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You may like Magic of Myths if you like… May 1, 2011

Posted by cbrotherson in Commentary, preview.
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Describing a new series is always a tricky thing. People like what they like, but sometimes it’s the problem of getting them to try something new to like it in the first place. A good way to do that is the classic word of mouth method of “it’s a bit like…” – which is what this little post is designed to do.

While Magic of Myths is its own entity, one of the main themes of the miniseries is mythology. Not just classic mythology across various cultures, but that of modern mythology, fictional, urban or otherwise. And as such, it’s a melting pot of different influences that should be clear if you’ve ever read a number of books, watched various films, taken in some comic books, enjoyed TV series’ and so on.

For example, Issue 1 (‘Lord, What Fools These Mortals Be‘) references William Shakespeare’s A Midsummer’s Night Dream and Joss Whedon’s Buffy the Vampire Slayer, to name but the two obvious examples, along with other pieces of fiction such as Neil Gaiman’s Sandman. And that’s all just in the first chapter.

So, this is a quick guide to give you an idea of the sort of titles Magic of Myths: season one is similar to, to give you a better idea of the story on a whole. Take in mind, we’re not saying Magic of Myths is the same as or as good as these titles (hubris can be a terrible thing!), merely explaining that they share common elements. It also acts as a reference point for some of the many influences on the series to date. So, without further ado:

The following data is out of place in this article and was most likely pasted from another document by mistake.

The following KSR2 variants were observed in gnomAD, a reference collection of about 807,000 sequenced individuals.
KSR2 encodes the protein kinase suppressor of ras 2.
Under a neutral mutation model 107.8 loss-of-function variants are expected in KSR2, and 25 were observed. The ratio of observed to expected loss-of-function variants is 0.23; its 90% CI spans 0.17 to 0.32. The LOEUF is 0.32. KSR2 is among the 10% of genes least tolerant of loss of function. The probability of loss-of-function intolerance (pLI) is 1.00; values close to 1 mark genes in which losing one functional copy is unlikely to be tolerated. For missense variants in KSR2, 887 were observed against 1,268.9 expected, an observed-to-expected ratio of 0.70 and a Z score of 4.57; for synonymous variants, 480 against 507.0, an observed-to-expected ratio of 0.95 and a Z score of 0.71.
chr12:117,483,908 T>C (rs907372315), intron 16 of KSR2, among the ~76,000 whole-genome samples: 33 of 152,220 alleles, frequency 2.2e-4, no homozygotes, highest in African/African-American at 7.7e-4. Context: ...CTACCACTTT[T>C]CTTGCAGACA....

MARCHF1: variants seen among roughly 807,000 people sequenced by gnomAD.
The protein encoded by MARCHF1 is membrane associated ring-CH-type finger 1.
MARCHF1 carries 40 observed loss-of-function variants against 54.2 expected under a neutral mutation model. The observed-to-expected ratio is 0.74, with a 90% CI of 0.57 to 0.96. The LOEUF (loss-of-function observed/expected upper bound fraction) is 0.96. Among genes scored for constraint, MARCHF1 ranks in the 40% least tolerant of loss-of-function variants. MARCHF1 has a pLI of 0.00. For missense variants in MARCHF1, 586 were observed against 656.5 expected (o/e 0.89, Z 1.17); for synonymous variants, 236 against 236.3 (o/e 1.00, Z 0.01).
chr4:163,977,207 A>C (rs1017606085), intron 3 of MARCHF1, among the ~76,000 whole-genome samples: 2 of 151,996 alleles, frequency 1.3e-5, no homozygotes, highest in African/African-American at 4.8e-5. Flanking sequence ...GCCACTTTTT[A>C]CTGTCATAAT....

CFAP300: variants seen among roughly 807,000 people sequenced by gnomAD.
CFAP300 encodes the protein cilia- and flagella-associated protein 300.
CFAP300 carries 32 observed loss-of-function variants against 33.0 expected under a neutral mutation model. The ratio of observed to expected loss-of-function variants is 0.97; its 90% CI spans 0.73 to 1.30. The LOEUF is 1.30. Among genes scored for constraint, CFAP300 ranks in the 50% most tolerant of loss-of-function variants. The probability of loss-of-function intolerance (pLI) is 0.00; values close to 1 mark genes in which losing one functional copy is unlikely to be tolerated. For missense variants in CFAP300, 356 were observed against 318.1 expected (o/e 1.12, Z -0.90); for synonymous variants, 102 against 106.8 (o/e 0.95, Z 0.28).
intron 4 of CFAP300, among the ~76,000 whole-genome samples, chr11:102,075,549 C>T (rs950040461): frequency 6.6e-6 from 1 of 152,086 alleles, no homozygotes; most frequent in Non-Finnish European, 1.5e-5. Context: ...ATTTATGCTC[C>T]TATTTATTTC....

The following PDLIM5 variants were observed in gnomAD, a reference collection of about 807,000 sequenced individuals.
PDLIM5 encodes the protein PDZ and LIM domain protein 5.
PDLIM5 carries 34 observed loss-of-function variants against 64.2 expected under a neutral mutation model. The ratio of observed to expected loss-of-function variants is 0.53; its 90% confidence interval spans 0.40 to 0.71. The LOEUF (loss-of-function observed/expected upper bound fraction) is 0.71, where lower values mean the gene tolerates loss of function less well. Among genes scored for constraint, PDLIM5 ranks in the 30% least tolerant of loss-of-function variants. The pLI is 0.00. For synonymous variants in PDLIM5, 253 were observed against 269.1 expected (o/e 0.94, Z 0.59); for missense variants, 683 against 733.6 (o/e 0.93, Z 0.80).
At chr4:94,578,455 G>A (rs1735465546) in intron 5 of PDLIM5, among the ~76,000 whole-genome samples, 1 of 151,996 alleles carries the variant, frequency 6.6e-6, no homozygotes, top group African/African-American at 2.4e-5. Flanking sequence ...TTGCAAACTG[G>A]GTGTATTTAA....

You may like Magic of Myths: season one if you like:

These kind of books:

  • The Chronicles of Narnia; Alice Through the Looking Glass (exploring strange new fantasy worlds; themes of growing up)
  • Grimm’s Fairy Tales (dark tone; fairy tale elements)
  • Percy Jackson and the Lightning Thief (use of mythological creatures and lore)
  • The Wizard of Oz (escapism; finding your sense of self while in unfamiliar surroundings)

These kind of films/TV series:

  • Clash of the Titans – both versions – (use of mythological creatures and lore; classic quest structure)
  • Labyrinth (exploring strange new fantasy worlds; themes of growing up)
  • The Never Ending StoryPan’s Labyrinth (the blurring of lines between fiction, fantasy and reality; exploration of story narrative; shaping your own reality)
  • Return to Oz (twisted warping of reality; escapism)
  • Buffy the Vampire Slayer (coming to terms with your own condition/destiny; female empowerment)
  • Sucker Punch (escapism through imagination; exploration of genre motifs and conventions)

These kind of comic books/graphic novels:

  • Fables (use of well-known fantasy archetypes and tales)
  • Promethea (breaking the fourth wall through use of panel border references; existentialism; the blurring of lines between fiction, fantasy and reality; exploration of story narrative; shaping your own reality through the power of imagination)
  • Sandman (exploring the power of story and mythology)

Magic of Myths: season one will be released on May 14th – expect more news on where you can buy it very soon.

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